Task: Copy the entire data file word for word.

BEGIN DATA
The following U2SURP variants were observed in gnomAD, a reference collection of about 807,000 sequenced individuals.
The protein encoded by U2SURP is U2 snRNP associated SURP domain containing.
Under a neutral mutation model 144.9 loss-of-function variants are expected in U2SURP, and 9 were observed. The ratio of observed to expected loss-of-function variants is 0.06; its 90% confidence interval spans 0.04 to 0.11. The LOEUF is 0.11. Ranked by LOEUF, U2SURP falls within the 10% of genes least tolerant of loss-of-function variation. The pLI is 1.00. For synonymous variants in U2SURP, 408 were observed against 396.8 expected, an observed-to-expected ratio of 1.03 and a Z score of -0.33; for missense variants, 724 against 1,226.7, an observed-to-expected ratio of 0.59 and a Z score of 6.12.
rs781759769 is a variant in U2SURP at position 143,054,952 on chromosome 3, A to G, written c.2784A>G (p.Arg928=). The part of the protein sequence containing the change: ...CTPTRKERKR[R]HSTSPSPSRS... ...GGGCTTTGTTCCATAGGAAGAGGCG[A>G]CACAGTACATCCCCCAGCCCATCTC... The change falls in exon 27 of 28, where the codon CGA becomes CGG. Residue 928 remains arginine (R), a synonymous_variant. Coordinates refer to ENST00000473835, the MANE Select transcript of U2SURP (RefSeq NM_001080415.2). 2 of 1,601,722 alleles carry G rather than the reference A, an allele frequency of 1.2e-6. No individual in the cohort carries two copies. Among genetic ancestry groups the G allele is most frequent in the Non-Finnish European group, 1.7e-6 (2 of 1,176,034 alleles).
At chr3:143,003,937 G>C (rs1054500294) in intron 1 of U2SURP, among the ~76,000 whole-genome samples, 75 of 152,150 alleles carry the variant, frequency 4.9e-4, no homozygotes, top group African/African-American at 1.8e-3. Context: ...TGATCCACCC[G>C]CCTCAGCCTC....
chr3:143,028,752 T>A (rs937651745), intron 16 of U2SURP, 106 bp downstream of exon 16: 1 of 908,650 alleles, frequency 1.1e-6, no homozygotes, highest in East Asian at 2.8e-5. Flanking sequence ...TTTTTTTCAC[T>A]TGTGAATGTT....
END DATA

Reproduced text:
The following U2SURP variants were observed in gnomAD, a reference collection of about 807,000 sequenced individuals.
The protein encoded by U2SURP is U2 snRNP associated SURP domain containing.
Under a neutral mutation model 144.9 loss-of-function variants are expected in U2SURP, and 9 were observed. The ratio of observed to expected loss-of-function variants is 0.06; its 90% confidence interval spans 0.04 to 0.11. The LOEUF is 0.11. Ranked by LOEUF, U2SURP falls within the 10% of genes least tolerant of loss-of-function variation. The pLI is 1.00. For synonymous variants in U2SURP, 408 were observed against 396.8 expected, an observed-to-expected ratio of 1.03 and a Z score of -0.33; for missense variants, 724 against 1,226.7, an observed-to-expected ratio of 0.59 and a Z score of 6.12.
rs781759769 is a variant in U2SURP at position 143,054,952 on chromosome 3, A to G, written c.2784A>G (p.Arg928=). The part of the protein sequence containing the change: ...CTPTRKERKR[R]HSTSPSPSRS... ...GGGCTTTGTTCCATAGGAAGAGGCG[A>G]CACAGTACATCCCCCAGCCCATCTC... The change falls in exon 27 of 28, where the codon CGA becomes CGG. Residue 928 remains arginine (R), a synonymous_variant. Coordinates refer to ENST00000473835, the MANE Select transcript of U2SURP (RefSeq NM_001080415.2). 2 of 1,601,722 alleles carry G rather than the reference A, an allele frequency of 1.2e-6. No individual in the cohort carries two copies. Among genetic ancestry groups the G allele is most frequent in the Non-Finnish European group, 1.7e-6 (2 of 1,176,034 alleles).
At chr3:143,003,937 G>C (rs1054500294) in intron 1 of U2SURP, among the ~76,000 whole-genome samples, 75 of 152,150 alleles carry the variant, frequency 4.9e-4, no homozygotes, top group African/African-American at 1.8e-3. Context: ...TGATCCACCC[G>C]CCTCAGCCTC....
chr3:143,028,752 T>A (rs937651745), intron 16 of U2SURP, 106 bp downstream of exon 16: 1 of 908,650 alleles, frequency 1.1e-6, no homozygotes, highest in East Asian at 2.8e-5. Flanking sequence ...TTTTTTTCAC[T>A]TGTGAATGTT....